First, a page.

Posh girl, thought Jack. Where did Bev snaffle this one, this innocent? The way she mouthed ‘fabulosa’. She might catch on, despite the lack of willets. Nice eyes. Long arms. Looked young. He might fancy a sample himself.
He walked on through the haze of smoke to the next room, where they were setting up to play skiffle. As they began jamming, Jack watched them lazily, thinking about young Fran at the bridge table. Too much greasepaint flagged up every time. Thought it made them look sophisticated. Probably fourteen. Maybe younger. Where did they come from, these girls and boys? Young ones usually frequented 2is or Speakeasy, not grown-up clubs. It was a dangerous game having them here. The sudden arrival of unhappy parents accompanied by lily law could cause havoc in a decent club. But Bev knew that. She wasn’t usually a fool.
He glanced at his Rolex. Still early. They hadn’t got much of a crowd yet; that usually came after 11 p.m.
Almost through a dream, he heard the whistles. From the other room came the crashing noise of rozzers doing the work of perfidious magistrates. Le Duce last night. His tonight. Those dilly boy charpers were hotting up and it was making it hard to run a club. He was fed up with this. He paid his money. He should be protected.
He crushed the remains of his cigarette into his hand. Whipped back into the gaming room to stop the charge, but he was too late – tables overturned, broken glasses, policemen holding clients up against the wall. He looked around furiously. Then he noticed something.
No sign of the card table. Bev and Fran had cut out with their money and their notes. Only the men were being hauled out of the club.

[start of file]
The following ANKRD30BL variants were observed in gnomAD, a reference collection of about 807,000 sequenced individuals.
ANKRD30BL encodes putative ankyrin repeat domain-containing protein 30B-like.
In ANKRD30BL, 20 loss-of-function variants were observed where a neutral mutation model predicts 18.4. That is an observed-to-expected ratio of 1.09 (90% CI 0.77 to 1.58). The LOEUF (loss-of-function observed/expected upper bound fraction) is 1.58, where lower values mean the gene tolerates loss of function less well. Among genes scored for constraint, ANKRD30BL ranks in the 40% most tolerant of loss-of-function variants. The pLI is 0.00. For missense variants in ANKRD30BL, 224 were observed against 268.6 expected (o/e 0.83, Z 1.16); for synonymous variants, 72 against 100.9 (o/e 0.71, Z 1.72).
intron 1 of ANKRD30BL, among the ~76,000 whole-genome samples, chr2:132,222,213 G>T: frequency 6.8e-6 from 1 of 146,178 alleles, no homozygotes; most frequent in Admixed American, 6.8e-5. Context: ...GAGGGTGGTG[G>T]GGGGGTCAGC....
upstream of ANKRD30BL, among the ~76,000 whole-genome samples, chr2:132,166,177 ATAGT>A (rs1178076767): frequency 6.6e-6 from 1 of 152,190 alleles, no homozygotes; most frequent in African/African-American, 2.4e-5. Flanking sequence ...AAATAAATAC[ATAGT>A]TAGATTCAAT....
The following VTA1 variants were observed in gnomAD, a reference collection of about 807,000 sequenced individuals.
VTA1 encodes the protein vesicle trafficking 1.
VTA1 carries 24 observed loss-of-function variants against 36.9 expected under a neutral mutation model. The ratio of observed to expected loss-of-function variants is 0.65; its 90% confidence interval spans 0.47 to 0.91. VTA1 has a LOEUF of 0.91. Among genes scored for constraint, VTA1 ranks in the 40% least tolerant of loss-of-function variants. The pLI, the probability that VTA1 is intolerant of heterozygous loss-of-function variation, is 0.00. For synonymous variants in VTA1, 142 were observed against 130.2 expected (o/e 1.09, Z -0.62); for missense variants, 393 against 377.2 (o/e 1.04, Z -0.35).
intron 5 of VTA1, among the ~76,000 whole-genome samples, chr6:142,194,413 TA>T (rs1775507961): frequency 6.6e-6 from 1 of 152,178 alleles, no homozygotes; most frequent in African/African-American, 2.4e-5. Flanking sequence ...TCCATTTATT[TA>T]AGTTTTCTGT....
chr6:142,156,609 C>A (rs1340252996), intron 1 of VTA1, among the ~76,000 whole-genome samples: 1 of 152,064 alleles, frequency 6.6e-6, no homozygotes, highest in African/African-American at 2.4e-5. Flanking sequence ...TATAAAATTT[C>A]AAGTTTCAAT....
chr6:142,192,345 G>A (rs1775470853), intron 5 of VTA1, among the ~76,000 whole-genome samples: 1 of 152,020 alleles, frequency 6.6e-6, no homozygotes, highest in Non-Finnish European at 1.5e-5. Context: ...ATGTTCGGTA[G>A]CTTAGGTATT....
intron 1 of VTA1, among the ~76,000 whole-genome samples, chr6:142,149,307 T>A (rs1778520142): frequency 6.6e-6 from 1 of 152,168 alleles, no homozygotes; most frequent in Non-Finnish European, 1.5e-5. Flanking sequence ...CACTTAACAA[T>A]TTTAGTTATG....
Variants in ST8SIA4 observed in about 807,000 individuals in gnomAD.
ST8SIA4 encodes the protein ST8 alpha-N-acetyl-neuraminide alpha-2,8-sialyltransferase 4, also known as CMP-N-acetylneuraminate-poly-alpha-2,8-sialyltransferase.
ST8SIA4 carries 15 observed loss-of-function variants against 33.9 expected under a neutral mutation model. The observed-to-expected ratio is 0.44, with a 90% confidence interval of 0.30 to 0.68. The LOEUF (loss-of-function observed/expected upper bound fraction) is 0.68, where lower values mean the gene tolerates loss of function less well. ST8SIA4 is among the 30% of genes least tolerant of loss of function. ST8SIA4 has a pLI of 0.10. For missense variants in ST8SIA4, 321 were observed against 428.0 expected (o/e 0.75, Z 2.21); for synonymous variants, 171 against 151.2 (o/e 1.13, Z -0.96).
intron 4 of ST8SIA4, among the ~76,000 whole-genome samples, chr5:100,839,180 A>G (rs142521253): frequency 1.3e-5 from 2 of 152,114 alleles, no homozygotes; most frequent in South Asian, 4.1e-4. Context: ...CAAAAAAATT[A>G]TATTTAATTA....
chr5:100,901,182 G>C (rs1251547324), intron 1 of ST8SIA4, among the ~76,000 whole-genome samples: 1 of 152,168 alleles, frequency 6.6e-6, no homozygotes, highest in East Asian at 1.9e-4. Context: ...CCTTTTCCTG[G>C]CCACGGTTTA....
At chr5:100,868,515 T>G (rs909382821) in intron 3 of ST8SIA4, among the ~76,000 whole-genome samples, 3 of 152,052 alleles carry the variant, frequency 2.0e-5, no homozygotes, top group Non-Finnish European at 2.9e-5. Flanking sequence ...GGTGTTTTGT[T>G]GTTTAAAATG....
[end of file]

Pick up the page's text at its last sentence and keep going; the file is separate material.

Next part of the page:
How the fuck?
He hoped Bev wasn’t pulling a fast one here. She’d better not be the undercover sharpy polone. He’d have words with that zhooshytart later. He looked around for the betty bracelet in charge.
Gina has worked as a physiotherapist, a pilot, freelance writer and a dog breeder.
As a child, Gina’s parents hated travelling and never went further than Jersey. As a result she became travel-addicted and spent the year after university bumming around SE Asia, China and Australia, where she worked in a racing stables in Pinjarra, South of Perth. After getting stuck in black sand in the Ute one time too many (and getting a tractor and trailer caught in a tree) she was relegated to horse-riding work only. After her horse bolted down the sand, straining a fetlock and falling in the sea, she was further relegated to swimming the horses only in the pool. It was with some relief the racehorse stables posted her off on the train into eastern Australia to work in a vineyard… after all what could go wrong there?
In the north of Thailand, she took a boat into the Golden Triangle and got shot at by bandits. Her group escaped into the undergrowth and hid in a hill tribe whisky still where they shared the ‘bathroom’ with a group of pigs. Getting a lift on a motorbike they hurried back to Chiang Rai, where life seemed calmer.
After nearly being downed in a fiesta in Ko Pha Ngan, and cursed by a witch in Malaysia, she decided to go to Singapore and then to China where she only had to battle with the language and regulations.
Since marrying the first time, she has lived and worked in many countries including Spain and the USA.
For a few years Gina was a Wingwalking pilot, flying, amongst others, her 64-year-old mother standing on the wing to raise money for a cancer charity. She was also a helicopter instructor and examiner and took part in the World Helicopter Championships in Russia and the USA.
She became a writer because her first love was always telling a good yarn!
Under the name Georgina Hunter-Jones she has written illustrated children’s books such as The Twerple who had Too Many Brains, and Nola the Rhinoceros loves Mathematics.
She now lives in Sussex with her husband and dogs, one of who inspired the Biscuit and Pugwash Detective Series about naughty dogs who solve crimes.
Murder in the Cards is the second in the SeeMS Detective Agency series